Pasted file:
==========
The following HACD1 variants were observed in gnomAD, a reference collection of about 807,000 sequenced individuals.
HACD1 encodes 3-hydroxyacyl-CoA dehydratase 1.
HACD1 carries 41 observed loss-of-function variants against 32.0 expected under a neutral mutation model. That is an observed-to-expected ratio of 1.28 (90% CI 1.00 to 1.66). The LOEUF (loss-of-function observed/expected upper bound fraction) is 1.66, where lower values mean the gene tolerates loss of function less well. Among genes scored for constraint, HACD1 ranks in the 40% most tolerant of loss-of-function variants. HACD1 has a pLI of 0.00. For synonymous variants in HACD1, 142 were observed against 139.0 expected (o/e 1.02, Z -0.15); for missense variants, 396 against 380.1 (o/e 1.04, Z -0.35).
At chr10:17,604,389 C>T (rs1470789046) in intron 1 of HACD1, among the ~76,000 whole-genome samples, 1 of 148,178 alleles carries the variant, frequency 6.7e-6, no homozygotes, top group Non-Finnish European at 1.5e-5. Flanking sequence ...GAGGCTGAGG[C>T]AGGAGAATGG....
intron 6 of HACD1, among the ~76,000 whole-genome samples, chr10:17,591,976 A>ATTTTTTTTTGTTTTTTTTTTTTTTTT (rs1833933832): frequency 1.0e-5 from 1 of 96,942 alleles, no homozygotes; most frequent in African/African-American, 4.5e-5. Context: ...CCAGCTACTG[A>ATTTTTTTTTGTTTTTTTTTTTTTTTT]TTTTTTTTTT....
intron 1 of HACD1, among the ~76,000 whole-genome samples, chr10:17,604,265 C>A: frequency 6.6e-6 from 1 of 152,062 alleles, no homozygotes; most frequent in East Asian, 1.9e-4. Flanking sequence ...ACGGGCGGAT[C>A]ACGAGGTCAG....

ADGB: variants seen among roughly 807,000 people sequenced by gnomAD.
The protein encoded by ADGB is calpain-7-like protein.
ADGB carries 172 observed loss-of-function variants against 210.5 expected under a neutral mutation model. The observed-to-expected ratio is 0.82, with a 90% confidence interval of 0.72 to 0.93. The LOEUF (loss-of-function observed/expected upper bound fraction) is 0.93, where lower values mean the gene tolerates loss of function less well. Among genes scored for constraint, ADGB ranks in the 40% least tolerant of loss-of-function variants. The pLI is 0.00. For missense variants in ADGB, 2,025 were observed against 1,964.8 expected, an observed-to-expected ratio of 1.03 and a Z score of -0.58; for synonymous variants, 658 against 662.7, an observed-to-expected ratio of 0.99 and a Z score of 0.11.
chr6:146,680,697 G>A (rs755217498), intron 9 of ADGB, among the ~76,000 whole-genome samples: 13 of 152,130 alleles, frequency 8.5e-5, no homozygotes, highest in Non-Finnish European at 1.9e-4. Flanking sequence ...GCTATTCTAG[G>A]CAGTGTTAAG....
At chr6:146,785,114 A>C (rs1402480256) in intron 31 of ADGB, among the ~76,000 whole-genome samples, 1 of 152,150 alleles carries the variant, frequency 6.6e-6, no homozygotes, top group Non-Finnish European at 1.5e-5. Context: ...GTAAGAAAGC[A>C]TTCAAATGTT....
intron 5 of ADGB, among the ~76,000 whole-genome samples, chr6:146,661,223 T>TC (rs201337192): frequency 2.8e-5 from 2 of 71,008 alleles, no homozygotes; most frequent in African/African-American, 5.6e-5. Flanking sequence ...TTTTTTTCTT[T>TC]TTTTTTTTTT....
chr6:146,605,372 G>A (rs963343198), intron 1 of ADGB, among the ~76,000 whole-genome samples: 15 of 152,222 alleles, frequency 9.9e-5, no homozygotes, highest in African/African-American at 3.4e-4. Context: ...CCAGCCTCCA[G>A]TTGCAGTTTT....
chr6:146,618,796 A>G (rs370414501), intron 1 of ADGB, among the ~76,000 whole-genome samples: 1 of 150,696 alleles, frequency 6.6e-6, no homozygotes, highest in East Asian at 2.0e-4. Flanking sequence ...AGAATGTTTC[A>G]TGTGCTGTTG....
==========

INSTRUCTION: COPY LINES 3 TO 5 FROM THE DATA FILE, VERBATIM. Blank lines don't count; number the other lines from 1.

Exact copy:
HACD1 carries 41 observed loss-of-function variants against 32.0 expected under a neutral mutation model. That is an observed-to-expected ratio of 1.28 (90% CI 1.00 to 1.66). The LOEUF (loss-of-function observed/expected upper bound fraction) is 1.66, where lower values mean the gene tolerates loss of function less well. Among genes scored for constraint, HACD1 ranks in the 40% most tolerant of loss-of-function variants. HACD1 has a pLI of 0.00. For synonymous variants in HACD1, 142 were observed against 139.0 expected (o/e 1.02, Z -0.15); for missense variants, 396 against 380.1 (o/e 1.04, Z -0.35).
At chr10:17,604,389 C>T (rs1470789046) in intron 1 of HACD1, among the ~76,000 whole-genome samples, 1 of 148,178 alleles carries the variant, frequency 6.7e-6, no homozygotes, top group Non-Finnish European at 1.5e-5. Flanking sequence ...GAGGCTGAGG[C>T]AGGAGAATGG....
intron 6 of HACD1, among the ~76,000 whole-genome samples, chr10:17,591,976 A>ATTTTTTTTTGTTTTTTTTTTTTTTTT (rs1833933832): frequency 1.0e-5 from 1 of 96,942 alleles, no homozygotes; most frequent in African/African-American, 4.5e-5. Context: ...CCAGCTACTG[A>ATTTTTTTTTGTTTTTTTTTTTTTTTT]TTTTTTTTTT....